In a highly controversial move, the newly minted chief of Honduras’ national police force, Juan Carlos Bonilla Valladares, has announced that 4,000 police officers will be discharged from the force in an attempt to purge it of the endemic corruption and impunity that has plagued the country.(1) This decision follows last week’s swearing-in of Bonilla, commonly known as ‘El Tigre,’ and last month’s firing of Ricardo Ramirez del Cid due to allegations linking him to the killing of Alfredo Villatoro. Reports claim that police were involved in the murder of Villatoro, a close confidant of President Porfirio Lobo.(2)
These recent sordid events have two main implications. Bonilla has had his own issues with corruption and impunity, which should cast immediate doubt on the integrity of the purge. More immediately, the loss of a large quantity of police officers in Honduras may have devastating consequences for the security of Hondurans.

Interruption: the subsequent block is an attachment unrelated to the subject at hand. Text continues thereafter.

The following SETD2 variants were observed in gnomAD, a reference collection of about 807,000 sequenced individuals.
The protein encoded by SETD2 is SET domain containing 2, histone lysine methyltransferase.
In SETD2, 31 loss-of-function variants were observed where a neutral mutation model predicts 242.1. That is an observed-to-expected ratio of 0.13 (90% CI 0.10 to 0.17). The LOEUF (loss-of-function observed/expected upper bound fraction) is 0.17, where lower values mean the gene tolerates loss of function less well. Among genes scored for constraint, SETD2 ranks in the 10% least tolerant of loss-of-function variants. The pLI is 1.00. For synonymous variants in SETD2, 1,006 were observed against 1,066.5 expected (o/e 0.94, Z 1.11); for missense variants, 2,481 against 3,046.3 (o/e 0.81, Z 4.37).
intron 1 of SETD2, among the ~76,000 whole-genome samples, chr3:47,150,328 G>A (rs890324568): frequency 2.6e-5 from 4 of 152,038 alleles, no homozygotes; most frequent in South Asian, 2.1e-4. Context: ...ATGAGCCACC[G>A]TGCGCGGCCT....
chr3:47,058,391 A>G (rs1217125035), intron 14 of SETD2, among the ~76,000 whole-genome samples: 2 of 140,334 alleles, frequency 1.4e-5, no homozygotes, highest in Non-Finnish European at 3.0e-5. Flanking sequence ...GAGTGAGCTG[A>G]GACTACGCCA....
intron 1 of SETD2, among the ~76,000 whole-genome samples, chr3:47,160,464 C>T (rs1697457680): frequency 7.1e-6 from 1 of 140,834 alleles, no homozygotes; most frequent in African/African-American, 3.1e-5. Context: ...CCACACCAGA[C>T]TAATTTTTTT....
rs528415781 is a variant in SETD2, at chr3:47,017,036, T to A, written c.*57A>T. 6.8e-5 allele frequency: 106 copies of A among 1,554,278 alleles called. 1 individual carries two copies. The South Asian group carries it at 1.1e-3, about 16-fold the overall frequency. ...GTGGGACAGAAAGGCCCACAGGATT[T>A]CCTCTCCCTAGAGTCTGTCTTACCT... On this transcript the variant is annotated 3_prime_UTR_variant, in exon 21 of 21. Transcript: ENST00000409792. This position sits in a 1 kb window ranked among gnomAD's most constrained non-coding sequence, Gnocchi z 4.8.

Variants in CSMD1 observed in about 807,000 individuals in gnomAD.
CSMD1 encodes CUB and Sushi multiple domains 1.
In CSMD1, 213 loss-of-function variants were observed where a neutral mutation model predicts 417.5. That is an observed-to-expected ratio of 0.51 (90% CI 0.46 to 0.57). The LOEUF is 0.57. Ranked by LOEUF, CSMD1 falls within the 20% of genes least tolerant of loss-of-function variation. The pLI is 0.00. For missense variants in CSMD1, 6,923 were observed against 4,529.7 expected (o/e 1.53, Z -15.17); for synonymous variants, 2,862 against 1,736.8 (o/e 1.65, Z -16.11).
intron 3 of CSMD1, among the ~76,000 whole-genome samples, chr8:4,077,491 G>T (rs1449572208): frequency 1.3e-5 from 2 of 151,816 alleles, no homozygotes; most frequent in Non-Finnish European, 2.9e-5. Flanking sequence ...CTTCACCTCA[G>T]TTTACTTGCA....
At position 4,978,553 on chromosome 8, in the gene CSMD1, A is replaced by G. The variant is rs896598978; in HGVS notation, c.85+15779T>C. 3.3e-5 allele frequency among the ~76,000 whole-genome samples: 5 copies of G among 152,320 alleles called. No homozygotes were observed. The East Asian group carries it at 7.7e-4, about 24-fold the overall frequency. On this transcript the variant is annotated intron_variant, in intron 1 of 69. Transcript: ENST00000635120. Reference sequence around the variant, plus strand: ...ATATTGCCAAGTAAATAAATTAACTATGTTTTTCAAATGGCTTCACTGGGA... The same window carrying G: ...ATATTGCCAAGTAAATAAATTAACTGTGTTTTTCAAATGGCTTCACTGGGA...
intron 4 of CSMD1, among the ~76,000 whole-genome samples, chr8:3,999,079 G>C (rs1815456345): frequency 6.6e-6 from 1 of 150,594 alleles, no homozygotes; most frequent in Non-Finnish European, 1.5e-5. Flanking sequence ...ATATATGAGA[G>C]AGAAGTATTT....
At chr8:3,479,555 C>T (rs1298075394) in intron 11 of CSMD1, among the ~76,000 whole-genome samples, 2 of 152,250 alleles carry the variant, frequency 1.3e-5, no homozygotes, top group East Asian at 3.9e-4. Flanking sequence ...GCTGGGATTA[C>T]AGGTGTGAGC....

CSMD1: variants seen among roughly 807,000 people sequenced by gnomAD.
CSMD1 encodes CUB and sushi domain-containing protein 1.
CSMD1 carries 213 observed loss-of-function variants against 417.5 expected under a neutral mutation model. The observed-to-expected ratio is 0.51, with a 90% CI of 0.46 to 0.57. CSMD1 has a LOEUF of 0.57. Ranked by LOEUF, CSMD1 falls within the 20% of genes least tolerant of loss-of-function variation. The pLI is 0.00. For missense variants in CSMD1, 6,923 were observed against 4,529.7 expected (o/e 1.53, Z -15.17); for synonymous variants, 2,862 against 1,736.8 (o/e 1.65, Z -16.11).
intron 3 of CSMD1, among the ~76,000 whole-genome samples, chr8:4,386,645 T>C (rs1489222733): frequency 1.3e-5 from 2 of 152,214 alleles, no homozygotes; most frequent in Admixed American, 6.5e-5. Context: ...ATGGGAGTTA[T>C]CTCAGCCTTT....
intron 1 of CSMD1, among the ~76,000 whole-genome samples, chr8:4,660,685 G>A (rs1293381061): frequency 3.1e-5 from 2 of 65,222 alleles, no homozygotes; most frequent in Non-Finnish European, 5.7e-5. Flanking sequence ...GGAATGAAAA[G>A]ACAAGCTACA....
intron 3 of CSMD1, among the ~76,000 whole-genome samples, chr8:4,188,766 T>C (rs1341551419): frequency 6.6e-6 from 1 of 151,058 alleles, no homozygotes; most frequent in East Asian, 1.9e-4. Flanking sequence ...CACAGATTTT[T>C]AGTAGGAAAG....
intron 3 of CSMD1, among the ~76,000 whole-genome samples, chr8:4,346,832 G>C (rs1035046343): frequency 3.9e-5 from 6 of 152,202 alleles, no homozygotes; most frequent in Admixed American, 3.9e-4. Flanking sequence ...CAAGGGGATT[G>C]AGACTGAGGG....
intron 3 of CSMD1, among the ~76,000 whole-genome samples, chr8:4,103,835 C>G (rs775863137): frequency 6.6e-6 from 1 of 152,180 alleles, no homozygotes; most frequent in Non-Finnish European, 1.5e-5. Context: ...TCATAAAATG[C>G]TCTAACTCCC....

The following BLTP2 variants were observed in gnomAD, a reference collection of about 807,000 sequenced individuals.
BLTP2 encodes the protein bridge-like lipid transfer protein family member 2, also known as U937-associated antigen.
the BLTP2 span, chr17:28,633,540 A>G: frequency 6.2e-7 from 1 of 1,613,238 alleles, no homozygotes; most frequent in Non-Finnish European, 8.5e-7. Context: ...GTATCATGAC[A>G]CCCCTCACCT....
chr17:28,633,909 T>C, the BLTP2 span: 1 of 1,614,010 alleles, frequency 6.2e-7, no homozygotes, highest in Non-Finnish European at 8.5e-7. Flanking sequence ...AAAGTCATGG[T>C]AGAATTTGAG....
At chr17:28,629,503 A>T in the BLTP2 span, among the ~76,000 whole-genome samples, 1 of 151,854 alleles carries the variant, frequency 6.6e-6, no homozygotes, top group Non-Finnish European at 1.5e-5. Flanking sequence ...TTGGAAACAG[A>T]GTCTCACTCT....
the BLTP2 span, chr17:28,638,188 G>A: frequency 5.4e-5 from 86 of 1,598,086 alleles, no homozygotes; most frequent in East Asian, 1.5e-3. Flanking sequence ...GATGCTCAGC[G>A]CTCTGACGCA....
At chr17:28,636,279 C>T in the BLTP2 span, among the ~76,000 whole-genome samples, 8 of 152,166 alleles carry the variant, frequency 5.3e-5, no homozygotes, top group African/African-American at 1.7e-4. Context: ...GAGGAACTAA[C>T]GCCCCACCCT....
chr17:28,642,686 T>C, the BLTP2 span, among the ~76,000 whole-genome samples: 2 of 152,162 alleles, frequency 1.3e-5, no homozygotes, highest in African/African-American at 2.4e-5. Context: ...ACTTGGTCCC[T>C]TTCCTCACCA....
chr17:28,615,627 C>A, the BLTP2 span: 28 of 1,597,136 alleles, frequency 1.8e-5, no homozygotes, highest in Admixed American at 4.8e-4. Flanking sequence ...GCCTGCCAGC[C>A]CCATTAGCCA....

President Lobo has received some praise for this appointment. Long-time critic of Honduras’ human rights record Ramon Custodio has said that Bonilla’s appointment sends the right message about the president’s commitment to fighting crime.(3) The new chief has been given a formidable amount of power, as demonstrated by the dismissal of the 4,000 officers, as well as his ability to dismiss any member of the national police who refuses to undergo a background check.
Ironically, Bonilla has been accused of the same iniquity that he pledges to eradicate from the police force. In a report released 10 years ago by former State Prosecutor Maria Luisa Borjas, Bonilla was accused of killing three people and named as a suspect in the murders of 11 others. Bonilla was formally charged in only one of these cases, but legal action was halted when law enforcement officials refused to cooperate with the prosecutor. All charges against Bonilla were subsequently dropped after Borjas’ husband was attacked and Borjas received multiple death threats from unknown assailants thought to be operating on behalf of Bonilla.